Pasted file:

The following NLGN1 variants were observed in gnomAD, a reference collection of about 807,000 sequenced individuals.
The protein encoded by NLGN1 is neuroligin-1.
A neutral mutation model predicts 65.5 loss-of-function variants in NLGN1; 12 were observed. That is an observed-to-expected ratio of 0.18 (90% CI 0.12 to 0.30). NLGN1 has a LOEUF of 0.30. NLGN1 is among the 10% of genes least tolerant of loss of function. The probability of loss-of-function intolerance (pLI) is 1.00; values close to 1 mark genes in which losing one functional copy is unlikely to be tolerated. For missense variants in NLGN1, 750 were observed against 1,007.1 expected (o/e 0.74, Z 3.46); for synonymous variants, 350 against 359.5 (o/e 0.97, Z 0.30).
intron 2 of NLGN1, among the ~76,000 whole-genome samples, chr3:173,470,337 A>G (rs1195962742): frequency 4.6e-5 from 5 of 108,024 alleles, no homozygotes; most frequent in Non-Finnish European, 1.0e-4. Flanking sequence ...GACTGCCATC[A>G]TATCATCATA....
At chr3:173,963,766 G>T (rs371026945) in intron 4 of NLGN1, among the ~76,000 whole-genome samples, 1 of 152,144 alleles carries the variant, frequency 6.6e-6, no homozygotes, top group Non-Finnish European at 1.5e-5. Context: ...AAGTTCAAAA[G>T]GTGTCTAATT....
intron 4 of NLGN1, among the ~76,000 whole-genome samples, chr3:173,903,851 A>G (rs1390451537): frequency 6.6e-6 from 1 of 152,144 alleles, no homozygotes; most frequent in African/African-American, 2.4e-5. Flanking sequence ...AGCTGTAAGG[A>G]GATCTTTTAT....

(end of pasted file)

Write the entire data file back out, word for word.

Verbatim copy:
The following NLGN1 variants were observed in gnomAD, a reference collection of about 807,000 sequenced individuals.
The protein encoded by NLGN1 is neuroligin-1.
A neutral mutation model predicts 65.5 loss-of-function variants in NLGN1; 12 were observed. That is an observed-to-expected ratio of 0.18 (90% CI 0.12 to 0.30). NLGN1 has a LOEUF of 0.30. NLGN1 is among the 10% of genes least tolerant of loss of function. The probability of loss-of-function intolerance (pLI) is 1.00; values close to 1 mark genes in which losing one functional copy is unlikely to be tolerated. For missense variants in NLGN1, 750 were observed against 1,007.1 expected (o/e 0.74, Z 3.46); for synonymous variants, 350 against 359.5 (o/e 0.97, Z 0.30).
intron 2 of NLGN1, among the ~76,000 whole-genome samples, chr3:173,470,337 A>G (rs1195962742): frequency 4.6e-5 from 5 of 108,024 alleles, no homozygotes; most frequent in Non-Finnish European, 1.0e-4. Flanking sequence ...GACTGCCATC[A>G]TATCATCATA....
At chr3:173,963,766 G>T (rs371026945) in intron 4 of NLGN1, among the ~76,000 whole-genome samples, 1 of 152,144 alleles carries the variant, frequency 6.6e-6, no homozygotes, top group Non-Finnish European at 1.5e-5. Context: ...AAGTTCAAAA[G>T]GTGTCTAATT....
intron 4 of NLGN1, among the ~76,000 whole-genome samples, chr3:173,903,851 A>G (rs1390451537): frequency 6.6e-6 from 1 of 152,144 alleles, no homozygotes; most frequent in African/African-American, 2.4e-5. Flanking sequence ...AGCTGTAAGG[A>G]GATCTTTTAT....